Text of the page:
One killed, five injured as South Africans resume xenophobic protests

South Africa on map
South Africa on map

At least one fatality has been recorded and five people receiving treatment at the hospital after a xenophobic march in South Africa turned violent on Sunday, local media reported.

The violence broke out on Sunday afternoon when hostel residents across the commercial hub of Johannesburg took to the streets to demand immediate deportation of foreigners, eNCA television reported.

The private broadcaster cited the police as confirming one person had been killed and five hospitalised. The deceased was reportedly stabbed to death.

It was not immediately clear whether the deceased was a South African or a foreigner. The identities of those injured had also not been fully learnt as of Sunday evening.

The police said they intervened early enough to prevent South African xenophobic marchers and foreigners from clashing at the heart of Johannesburg.

Images seen on social media Sunday evening appeared to show fresh destruction of properties and businesses of foreigners from other African countries in the central business area of Johannesburg.

The protest could spark another week of diplomatic hostilities between Nigeria and South Africa. A similar protest and destruction of properties last weekend sparked reprisal attacks in some African countries.

In Nigeria, between Tuesday and Wednesday, several businesses affiliated to South Africa or perceived to be were targeted. Some of them were burnt while some others were looted and then burnt in Lagos, Ibadan and Uyo.

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Early deployment of police officers helped prevent a major shopping mall from being attacked in Abuja on Wednesday morning. The facade of a massive billboard rolling MTN adverts was, however, shredded in the capital city.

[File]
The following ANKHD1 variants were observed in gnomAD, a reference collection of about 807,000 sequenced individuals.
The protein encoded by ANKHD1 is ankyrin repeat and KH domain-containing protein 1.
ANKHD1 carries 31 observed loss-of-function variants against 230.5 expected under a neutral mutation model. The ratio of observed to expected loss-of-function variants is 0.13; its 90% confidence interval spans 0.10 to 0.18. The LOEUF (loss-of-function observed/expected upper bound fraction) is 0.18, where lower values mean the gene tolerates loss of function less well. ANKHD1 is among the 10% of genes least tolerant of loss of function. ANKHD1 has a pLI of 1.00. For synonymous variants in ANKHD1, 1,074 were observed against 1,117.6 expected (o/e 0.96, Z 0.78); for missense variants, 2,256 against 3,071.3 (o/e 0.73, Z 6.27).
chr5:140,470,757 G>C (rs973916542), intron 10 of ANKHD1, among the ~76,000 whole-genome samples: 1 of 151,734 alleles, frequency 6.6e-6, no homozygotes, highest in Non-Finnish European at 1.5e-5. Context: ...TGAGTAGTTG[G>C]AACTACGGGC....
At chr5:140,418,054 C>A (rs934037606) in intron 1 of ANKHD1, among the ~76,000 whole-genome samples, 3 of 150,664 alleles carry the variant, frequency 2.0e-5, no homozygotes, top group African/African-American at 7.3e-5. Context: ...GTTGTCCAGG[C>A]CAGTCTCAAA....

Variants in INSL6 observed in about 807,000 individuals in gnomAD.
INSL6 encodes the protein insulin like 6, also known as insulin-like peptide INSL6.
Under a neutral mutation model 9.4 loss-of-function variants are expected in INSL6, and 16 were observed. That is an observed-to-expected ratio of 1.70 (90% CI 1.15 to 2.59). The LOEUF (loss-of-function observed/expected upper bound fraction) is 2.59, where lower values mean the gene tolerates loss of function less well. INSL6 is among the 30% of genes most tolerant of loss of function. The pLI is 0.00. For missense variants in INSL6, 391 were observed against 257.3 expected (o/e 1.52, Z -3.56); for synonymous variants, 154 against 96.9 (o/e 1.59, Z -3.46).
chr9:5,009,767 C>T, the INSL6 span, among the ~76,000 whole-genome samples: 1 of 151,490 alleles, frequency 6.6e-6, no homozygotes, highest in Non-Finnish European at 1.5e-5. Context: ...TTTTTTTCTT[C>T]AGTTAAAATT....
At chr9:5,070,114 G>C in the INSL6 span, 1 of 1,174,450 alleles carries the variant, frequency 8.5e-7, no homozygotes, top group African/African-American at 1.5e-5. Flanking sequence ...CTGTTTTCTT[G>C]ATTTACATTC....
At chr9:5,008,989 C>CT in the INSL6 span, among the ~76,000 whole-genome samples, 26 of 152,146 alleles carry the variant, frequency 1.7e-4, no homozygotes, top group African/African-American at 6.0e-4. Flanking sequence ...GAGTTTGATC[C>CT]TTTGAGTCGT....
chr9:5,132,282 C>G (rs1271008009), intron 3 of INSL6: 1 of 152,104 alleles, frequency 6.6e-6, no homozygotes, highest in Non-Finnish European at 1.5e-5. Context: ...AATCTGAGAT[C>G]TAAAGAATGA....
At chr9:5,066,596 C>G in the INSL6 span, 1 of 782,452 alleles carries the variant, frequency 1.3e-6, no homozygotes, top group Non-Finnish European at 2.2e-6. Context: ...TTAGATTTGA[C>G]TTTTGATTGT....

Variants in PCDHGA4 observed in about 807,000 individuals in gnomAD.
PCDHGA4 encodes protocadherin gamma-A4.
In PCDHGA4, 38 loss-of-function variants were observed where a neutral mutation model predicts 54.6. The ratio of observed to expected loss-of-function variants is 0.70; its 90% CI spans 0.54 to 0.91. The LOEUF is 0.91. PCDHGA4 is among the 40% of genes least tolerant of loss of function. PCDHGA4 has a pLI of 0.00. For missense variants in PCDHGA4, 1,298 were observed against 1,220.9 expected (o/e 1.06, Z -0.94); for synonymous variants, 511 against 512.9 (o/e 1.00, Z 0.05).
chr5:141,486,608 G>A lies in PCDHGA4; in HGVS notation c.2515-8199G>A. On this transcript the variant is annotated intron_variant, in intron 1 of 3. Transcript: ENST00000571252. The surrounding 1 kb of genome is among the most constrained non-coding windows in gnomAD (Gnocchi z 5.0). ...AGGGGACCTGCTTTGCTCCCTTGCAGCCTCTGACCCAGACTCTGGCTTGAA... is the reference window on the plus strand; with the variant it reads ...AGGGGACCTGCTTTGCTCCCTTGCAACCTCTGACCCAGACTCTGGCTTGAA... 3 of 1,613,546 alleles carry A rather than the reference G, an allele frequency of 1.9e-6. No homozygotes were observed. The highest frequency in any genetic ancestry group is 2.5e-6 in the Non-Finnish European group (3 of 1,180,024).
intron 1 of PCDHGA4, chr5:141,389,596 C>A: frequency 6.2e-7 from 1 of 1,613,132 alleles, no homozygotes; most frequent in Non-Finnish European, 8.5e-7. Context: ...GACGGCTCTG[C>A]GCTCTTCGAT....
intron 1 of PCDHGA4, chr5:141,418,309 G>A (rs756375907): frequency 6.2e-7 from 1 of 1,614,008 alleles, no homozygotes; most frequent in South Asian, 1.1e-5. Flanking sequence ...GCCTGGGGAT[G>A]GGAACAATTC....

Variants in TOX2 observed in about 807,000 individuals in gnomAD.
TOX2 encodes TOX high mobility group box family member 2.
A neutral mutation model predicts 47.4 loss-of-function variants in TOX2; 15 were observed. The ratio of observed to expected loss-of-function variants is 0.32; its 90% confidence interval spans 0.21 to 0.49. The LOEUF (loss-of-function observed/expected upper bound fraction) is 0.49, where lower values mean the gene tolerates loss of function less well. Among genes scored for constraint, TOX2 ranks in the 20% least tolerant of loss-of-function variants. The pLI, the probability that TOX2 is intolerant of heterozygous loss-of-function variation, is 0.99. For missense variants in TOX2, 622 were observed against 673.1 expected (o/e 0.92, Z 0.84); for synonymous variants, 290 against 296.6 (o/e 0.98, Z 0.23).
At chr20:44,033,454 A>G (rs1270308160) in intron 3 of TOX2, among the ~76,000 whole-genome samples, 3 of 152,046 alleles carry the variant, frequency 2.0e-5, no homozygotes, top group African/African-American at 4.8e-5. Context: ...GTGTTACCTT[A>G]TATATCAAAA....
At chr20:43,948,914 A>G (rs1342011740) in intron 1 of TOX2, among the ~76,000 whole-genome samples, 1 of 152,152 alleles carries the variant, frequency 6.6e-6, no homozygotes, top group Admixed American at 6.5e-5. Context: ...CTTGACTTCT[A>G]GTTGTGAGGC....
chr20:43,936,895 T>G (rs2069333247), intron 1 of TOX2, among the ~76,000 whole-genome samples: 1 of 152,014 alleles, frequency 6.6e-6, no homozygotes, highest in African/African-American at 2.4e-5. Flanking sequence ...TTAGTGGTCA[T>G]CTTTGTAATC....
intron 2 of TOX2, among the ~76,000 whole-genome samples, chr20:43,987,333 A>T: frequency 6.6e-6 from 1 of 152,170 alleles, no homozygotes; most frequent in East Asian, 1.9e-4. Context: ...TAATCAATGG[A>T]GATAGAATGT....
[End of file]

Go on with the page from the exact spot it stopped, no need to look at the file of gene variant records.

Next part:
South African embassies in Zambia and the Congo were reportedly attacked by citizens of the two countries protesting against xenophobic attacks on their fellow citizens in South Africa.

The crisis also compelled some African countries, including Nigeria, to withdraw participation at the World Economic Forum for Africa in Cape Town. The countries, however, opened channels for talks over the matter.

The renewed protests on Sunday could complicate ongoing dialogue over the crisis and cast renewed doubts over South African political leadership’s capacity to contain the riots.

The Nigerian government dispatched a special envoy to Pretoria on Thursday.

President Cyril Ramaphosa had called for an end to attacks and ordered a crackdown on those fomenting xenophobic violence across the country.

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Local media said 16 suspects were taken into custody in connection with Sunday’s attack. That figure was in addition to nearly 200 suspects the police said were arrested across South Africa between September 1 and 3.

Mustapha Lawal, the permanent secretary for Nigeria’s foreign affairs ministry, did not immediately return requests for comments from PREMIUM TIMES on Sunday night.

However, Nigeria’s Consul General in Johannesburg, Godwin Adama, told the News Agency of Nigeria that about 400 Nigerians had indicated interest to return home after a domestic airline, Air Peace, offered to bring back Nigerians from South Africa.

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